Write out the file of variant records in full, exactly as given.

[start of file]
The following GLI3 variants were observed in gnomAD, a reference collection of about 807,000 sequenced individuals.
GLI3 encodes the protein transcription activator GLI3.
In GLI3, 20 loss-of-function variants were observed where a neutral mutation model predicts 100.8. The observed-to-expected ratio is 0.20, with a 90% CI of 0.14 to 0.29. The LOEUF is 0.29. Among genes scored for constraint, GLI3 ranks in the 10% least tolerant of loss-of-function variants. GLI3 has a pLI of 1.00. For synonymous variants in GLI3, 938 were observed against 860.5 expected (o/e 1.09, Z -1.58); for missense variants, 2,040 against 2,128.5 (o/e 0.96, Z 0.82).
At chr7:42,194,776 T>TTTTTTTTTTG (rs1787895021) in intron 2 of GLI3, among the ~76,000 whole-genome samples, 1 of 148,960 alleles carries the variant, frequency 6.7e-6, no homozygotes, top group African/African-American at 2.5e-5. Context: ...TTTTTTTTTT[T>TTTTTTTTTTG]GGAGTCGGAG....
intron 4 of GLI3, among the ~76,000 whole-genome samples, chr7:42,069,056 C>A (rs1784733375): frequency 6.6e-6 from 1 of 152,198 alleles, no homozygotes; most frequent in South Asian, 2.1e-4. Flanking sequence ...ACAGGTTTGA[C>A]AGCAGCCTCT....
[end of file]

The following GLI3 variants were observed in gnomAD, a reference collection of about 807,000 sequenced individuals.
GLI3 encodes the protein transcription activator GLI3.
In GLI3, 20 loss-of-function variants were observed where a neutral mutation model predicts 100.8. The observed-to-expected ratio is 0.20, with a 90% CI of 0.14 to 0.29. The LOEUF is 0.29. Among genes scored for constraint, GLI3 ranks in the 10% least tolerant of loss-of-function variants. GLI3 has a pLI of 1.00. For synonymous variants in GLI3, 938 were observed against 860.5 expected (o/e 1.09, Z -1.58); for missense variants, 2,040 against 2,128.5 (o/e 0.96, Z 0.82).
At chr7:42,194,776 T>TTTTTTTTTTG (rs1787895021) in intron 2 of GLI3, among the ~76,000 whole-genome samples, 1 of 148,960 alleles carries the variant, frequency 6.7e-6, no homozygotes, top group African/African-American at 2.5e-5. Context: ...TTTTTTTTTT[T>TTTTTTTTTTG]GGAGTCGGAG....
intron 4 of GLI3, among the ~76,000 whole-genome samples, chr7:42,069,056 C>A (rs1784733375): frequency 6.6e-6 from 1 of 152,198 alleles, no homozygotes; most frequent in South Asian, 2.1e-4. Flanking sequence ...ACAGGTTTGA[C>A]AGCAGCCTCT....